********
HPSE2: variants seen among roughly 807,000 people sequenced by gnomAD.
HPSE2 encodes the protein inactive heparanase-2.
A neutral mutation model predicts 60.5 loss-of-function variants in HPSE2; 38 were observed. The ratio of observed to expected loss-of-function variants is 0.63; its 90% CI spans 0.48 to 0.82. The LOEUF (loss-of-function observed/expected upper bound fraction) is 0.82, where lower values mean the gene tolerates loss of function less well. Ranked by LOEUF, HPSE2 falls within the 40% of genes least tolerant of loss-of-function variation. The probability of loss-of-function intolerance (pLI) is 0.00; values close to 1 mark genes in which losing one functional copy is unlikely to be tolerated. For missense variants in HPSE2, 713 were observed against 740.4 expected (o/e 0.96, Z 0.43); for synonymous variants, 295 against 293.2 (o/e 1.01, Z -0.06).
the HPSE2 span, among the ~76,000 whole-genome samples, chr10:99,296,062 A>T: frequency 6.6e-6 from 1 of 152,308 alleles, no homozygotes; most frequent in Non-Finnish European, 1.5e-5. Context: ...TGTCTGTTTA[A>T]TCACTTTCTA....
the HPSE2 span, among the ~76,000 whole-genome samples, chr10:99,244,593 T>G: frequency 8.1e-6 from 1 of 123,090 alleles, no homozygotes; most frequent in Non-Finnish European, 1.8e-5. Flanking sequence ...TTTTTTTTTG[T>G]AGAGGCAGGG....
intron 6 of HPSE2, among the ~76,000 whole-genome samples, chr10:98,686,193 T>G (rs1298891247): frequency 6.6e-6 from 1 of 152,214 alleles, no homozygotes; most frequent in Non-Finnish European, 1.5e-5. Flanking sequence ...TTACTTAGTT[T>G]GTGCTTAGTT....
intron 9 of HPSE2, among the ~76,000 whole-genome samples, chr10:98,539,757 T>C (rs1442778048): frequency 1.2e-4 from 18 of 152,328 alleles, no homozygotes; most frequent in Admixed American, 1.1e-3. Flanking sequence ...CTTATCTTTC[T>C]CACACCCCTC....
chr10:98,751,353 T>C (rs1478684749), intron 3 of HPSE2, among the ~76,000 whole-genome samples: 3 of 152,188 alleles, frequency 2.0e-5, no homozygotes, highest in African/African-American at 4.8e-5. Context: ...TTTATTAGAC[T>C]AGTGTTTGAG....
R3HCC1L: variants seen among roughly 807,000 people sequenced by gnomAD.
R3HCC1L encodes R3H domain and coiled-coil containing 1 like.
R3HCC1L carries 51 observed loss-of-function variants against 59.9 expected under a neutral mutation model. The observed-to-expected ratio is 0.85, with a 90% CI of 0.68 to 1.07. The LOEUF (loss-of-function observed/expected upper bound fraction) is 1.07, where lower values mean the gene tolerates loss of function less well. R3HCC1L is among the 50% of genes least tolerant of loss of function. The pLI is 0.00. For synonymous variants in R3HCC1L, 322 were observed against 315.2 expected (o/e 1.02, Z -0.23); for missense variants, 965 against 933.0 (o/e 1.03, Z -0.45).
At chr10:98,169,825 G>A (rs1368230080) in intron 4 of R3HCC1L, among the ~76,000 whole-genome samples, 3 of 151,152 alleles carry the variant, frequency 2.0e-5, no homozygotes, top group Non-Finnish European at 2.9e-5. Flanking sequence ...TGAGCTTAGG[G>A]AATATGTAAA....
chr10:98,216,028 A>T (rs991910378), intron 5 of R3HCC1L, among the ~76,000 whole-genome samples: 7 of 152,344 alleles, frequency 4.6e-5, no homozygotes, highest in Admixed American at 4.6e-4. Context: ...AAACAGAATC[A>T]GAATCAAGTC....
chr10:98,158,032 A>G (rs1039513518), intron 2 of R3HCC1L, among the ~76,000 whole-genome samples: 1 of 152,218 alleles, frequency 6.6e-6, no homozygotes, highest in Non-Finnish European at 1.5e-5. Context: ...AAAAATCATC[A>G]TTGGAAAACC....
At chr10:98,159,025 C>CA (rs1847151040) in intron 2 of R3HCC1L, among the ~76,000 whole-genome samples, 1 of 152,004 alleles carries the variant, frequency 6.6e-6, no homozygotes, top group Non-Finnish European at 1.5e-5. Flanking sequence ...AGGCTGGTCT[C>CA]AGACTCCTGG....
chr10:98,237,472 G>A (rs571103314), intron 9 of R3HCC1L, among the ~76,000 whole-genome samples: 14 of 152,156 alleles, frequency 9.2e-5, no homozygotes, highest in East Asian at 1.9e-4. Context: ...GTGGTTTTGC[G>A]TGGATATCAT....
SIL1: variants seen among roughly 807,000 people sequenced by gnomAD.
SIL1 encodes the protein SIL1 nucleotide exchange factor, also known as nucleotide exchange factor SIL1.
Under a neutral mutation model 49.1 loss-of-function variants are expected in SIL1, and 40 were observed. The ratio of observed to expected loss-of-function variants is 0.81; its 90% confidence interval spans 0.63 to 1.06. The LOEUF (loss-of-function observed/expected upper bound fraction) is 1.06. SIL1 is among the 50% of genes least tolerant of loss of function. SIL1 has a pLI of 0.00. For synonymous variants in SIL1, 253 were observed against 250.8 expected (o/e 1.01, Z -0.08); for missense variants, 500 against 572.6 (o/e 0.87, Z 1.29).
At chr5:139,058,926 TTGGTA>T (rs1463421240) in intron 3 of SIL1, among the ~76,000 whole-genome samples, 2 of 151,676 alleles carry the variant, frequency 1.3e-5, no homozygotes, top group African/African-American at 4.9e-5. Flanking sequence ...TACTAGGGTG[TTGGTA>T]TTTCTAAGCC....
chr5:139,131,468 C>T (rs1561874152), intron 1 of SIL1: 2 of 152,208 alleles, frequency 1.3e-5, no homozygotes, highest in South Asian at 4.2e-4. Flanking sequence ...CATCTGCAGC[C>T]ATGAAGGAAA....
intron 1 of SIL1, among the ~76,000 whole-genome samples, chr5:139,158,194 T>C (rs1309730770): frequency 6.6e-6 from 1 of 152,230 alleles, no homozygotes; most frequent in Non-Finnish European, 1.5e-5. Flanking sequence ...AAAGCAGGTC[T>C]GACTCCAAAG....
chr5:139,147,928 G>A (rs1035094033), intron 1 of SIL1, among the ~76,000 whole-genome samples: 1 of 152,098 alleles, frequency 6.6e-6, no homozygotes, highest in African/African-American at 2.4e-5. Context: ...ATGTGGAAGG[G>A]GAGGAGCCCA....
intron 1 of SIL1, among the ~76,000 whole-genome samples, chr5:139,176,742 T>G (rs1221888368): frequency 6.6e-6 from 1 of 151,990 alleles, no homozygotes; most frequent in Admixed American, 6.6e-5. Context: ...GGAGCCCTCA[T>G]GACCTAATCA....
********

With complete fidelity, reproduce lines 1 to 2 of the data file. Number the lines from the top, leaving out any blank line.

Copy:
HPSE2: variants seen among roughly 807,000 people sequenced by gnomAD.
HPSE2 encodes the protein inactive heparanase-2.